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Researchers Build Tool to Help Prevent 'selfie Deaths'

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A group of tourists take a selfie on the peak of Mount Rigi, Switzerland.

Researchers at Carnegie Mellon University have developed a tool that can warn when one is in a location that is dangerous for the taking of selfies.

Credit: Arnd Wiegmann/Reuters

A growing number of people die every year while taking photos of themselves at dangerous locations, leading researchers at Carnegie Mellon University (CMU) to look for ways to reduce this risk.

The researchers studied 127 deaths reported from 2014 to September 2016 that were linked to someone taking a selfie. Most deaths involved people falling from great heights or drowning, but taking selfies near train tracks or a wild animal also were factors. The study found men were more prone to take dangerous selfies and accounted for more than 75 percent of all selfie-related casualties.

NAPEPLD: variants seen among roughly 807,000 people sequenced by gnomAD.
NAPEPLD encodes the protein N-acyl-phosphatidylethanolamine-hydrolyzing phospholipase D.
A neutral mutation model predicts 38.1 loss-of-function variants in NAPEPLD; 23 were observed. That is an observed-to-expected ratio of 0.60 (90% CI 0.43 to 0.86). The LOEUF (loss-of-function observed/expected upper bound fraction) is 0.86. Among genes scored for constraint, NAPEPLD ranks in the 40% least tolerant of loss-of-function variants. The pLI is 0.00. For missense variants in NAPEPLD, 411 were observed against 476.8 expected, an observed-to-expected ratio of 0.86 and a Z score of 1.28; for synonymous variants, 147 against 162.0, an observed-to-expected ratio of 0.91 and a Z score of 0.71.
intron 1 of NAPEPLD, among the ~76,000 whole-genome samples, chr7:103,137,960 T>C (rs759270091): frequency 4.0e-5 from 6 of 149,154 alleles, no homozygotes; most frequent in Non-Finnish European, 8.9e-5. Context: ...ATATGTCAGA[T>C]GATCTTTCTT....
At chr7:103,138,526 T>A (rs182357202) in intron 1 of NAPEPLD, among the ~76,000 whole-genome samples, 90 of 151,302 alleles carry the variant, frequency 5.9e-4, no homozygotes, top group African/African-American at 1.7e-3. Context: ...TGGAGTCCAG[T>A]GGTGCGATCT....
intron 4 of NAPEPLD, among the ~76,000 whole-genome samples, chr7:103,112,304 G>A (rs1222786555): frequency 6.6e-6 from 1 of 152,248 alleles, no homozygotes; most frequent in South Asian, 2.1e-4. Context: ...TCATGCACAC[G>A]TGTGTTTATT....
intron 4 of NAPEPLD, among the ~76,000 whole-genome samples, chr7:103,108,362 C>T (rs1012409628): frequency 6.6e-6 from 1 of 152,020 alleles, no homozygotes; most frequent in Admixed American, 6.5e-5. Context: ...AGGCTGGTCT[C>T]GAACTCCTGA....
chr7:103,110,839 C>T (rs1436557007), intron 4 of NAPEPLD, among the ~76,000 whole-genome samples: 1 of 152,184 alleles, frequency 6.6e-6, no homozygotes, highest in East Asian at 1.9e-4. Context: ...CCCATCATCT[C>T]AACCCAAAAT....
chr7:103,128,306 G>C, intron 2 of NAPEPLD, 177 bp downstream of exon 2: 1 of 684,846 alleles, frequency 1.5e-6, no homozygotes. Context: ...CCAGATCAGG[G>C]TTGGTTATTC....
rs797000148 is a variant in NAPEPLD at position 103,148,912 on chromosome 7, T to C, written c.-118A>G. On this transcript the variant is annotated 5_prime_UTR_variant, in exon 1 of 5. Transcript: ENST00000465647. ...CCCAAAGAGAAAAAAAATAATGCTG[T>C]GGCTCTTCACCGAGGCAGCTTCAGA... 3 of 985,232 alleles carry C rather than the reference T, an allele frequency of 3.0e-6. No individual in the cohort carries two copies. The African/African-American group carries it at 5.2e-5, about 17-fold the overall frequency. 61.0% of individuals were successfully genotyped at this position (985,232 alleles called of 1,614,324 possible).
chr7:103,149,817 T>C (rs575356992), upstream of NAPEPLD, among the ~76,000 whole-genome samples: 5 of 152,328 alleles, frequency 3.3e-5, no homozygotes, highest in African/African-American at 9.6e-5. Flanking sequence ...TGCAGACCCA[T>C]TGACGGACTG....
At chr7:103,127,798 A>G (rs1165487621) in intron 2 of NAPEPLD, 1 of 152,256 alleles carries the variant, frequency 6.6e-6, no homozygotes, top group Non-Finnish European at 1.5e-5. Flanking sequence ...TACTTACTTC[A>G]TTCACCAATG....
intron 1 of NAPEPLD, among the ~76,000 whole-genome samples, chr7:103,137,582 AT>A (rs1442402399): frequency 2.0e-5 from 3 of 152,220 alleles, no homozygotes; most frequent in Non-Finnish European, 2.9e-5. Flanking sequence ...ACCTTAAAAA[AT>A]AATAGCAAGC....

The CMU researchers developed a tool that can identify whether a selfie posted on social media was taken in a potentially fatal location. The tool looks for indicators such as a steep drop in elevation, closeness to rail tracks, and the presence of guns or wild animals. Dangerous elements were identified with 73.6% accuracy.

The researchers want to build a mobile application that can warn users in real time whether they are approaching a dangerous site, and the app could link to news reports of previous selfie-related injuries or even prevent users from launching their phone's camera app.

From CBC News (Canada)
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Abstracts Copyright © 2016 Information Inc., Bethesda, Maryland, USA


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